Practical or Spiritual?

February 22, 2021  •  Leave a Comment

My plans for this website are evolving. Initially, my idea was to supplement the sales of photographs I make at galleries (see the Representation page) as only a few photos can be displayed in galleries, and relatively few people visit galleries. As I have gotten into it, however, I've found that what is really driving me to tolerate the fussiness of managing a website is the big picture of my work as a photographer. One aspect of this is that I have many photographs worthy of displaying that I have not used for anything.  Another aspect is that reviewing the photographs I have makes me want to fill in the missing subjects. This makes more sense if you know that I am more about the subject than the photograph of the subject. Despite the thrill of making fine art prints and the sense of accomplishment in calling myself an artist, I think of my photographs primarily as tools to promote awareness and care of the natural world, particularly Michigan's Upper Peninsula. So, in the big picture, I will be doing what I can to fill the gaps in my portfolio of the Upper Peninsula's natural history - its special places, interesting species, and ecological relationships.  This sounds like practical work, but on the About page I say that I take a spiritual approach to my photographic work. So which is it? My answer is both. By tapping into gut responses (be they pleasurable or disturbing) works of art can motivate practical action. I hope some of my photographs touch your spirit and move you to explore Nature and do your part for conservation.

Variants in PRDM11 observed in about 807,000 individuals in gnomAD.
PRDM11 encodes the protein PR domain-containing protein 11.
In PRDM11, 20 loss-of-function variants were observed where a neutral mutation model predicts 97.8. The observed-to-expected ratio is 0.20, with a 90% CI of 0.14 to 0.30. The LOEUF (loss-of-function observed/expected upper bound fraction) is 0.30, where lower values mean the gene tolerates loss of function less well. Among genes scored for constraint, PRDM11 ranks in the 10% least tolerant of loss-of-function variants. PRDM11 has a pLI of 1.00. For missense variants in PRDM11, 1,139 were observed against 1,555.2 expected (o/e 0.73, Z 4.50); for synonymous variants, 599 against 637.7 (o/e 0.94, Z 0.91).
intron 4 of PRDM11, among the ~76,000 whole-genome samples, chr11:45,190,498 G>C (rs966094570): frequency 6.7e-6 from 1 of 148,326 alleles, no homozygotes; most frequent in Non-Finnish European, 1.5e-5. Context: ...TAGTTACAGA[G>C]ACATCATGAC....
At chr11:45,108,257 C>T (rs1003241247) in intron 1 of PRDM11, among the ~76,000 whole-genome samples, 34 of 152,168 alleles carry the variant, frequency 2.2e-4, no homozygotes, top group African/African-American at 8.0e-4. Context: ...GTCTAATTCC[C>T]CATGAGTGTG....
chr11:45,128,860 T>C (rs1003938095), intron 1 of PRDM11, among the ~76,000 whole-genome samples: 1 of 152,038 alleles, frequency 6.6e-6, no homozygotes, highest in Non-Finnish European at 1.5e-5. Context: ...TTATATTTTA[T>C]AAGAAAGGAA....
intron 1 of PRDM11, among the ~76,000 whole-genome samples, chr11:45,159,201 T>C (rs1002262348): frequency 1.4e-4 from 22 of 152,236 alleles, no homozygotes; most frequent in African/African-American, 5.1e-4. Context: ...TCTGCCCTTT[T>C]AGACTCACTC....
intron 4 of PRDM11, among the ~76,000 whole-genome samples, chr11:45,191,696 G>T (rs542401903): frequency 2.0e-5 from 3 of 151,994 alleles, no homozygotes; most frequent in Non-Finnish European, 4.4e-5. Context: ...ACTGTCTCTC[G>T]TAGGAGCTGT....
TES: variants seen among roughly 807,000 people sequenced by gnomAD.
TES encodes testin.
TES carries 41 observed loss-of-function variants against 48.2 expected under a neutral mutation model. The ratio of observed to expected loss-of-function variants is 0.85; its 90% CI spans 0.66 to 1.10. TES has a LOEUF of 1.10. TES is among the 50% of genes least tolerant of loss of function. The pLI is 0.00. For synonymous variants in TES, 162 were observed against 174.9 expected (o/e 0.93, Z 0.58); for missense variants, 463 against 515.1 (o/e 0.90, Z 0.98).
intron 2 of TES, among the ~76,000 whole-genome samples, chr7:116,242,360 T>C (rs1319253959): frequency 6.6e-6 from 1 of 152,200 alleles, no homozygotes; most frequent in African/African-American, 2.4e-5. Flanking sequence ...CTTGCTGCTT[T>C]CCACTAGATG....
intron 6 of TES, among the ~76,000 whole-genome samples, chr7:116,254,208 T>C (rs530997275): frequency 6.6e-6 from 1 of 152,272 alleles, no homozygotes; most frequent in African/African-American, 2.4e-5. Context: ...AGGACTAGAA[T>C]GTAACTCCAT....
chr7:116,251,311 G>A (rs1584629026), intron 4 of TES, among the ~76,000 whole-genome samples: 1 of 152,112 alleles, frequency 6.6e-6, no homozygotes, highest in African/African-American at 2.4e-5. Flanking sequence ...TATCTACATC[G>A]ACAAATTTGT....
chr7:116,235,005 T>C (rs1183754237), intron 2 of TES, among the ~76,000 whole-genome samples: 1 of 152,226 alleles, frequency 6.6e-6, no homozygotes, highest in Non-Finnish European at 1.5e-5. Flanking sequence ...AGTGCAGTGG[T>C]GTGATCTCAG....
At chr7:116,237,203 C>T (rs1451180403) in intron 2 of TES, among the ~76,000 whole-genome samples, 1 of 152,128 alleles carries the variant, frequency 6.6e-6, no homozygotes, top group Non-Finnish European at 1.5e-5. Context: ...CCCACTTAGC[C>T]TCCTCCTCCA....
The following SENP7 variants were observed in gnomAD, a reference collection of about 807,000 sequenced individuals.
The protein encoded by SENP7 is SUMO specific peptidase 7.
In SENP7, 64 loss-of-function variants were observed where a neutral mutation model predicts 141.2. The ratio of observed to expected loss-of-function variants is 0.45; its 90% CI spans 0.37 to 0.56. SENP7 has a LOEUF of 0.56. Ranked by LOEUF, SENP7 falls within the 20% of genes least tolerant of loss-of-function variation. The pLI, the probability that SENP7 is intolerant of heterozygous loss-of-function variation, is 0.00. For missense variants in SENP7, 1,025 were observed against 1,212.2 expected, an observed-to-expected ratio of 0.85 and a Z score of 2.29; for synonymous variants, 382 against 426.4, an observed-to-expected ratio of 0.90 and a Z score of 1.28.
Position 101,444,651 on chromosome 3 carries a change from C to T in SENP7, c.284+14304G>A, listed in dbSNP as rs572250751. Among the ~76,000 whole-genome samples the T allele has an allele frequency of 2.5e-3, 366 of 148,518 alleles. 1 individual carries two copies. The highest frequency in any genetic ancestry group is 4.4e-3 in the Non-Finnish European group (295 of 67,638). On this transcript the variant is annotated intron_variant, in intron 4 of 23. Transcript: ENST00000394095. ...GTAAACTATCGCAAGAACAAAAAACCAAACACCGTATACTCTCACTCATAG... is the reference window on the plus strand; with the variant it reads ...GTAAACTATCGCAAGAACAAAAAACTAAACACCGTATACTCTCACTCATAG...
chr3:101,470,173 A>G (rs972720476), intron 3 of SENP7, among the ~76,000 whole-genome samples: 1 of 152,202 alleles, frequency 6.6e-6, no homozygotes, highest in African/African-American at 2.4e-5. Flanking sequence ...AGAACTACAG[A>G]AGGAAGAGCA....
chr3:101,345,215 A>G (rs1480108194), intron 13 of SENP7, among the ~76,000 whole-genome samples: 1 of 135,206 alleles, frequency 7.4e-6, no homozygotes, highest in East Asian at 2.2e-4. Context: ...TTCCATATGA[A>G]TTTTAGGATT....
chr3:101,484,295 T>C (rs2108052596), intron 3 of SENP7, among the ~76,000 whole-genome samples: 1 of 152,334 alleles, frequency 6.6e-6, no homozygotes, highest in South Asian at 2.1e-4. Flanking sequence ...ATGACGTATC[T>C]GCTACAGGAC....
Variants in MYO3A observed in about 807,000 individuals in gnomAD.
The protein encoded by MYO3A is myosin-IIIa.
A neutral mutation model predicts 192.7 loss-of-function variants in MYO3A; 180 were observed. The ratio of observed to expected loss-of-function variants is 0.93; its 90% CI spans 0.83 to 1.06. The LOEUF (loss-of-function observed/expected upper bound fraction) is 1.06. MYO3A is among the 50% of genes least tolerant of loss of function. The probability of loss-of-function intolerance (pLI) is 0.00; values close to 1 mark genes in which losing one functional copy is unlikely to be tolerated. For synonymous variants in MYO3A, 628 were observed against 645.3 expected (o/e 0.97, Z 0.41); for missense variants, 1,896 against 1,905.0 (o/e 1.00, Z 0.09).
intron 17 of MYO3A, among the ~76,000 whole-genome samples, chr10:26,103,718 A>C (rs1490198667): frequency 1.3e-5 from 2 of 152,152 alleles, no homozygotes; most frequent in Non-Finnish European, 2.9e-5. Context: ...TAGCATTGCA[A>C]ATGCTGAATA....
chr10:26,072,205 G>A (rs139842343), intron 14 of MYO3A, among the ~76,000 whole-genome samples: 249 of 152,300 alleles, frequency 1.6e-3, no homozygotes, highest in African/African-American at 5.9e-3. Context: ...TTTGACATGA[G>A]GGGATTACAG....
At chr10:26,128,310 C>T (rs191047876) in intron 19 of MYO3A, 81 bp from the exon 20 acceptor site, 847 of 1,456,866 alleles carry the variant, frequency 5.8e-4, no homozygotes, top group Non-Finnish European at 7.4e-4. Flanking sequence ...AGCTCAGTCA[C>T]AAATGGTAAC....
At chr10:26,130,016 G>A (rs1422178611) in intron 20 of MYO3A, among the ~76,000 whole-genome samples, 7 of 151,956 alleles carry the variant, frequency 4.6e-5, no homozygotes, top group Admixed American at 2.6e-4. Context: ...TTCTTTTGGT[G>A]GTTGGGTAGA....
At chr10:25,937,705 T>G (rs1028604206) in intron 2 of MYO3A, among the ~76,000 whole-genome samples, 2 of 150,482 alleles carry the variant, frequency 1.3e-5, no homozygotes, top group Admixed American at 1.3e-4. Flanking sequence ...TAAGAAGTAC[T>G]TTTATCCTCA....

Here’s a recent personal example. Winter is an especially challenging time of year to photograph Nature in the UP. Cold fingers are my usual nemesis.  But, the colder the better for some subjects, particularly running water. Old Man Winter's artistry with snow and ice motivates me to explore creeks and rivers more often in winter than in other seasons. The ever-changing sculptures get me to strap on my snowshoes, and the tracks of otter, mink, and the others I discover remind me that riparian zones are prime wildlife corridors that need to be valued and protected.

Ice Sculpture by Old Man WinterBig Creek Ice Sculpture No. 2Big Creek is a tributary of the Chocolay River, Marquette County in Michigan's Upper Peninsula Otter Slide in Deep SnowOtter Slide in Snow No. 1Otter slide indeep snow along Big Creek in Chocolay Twp., Marquette Co., Michigan






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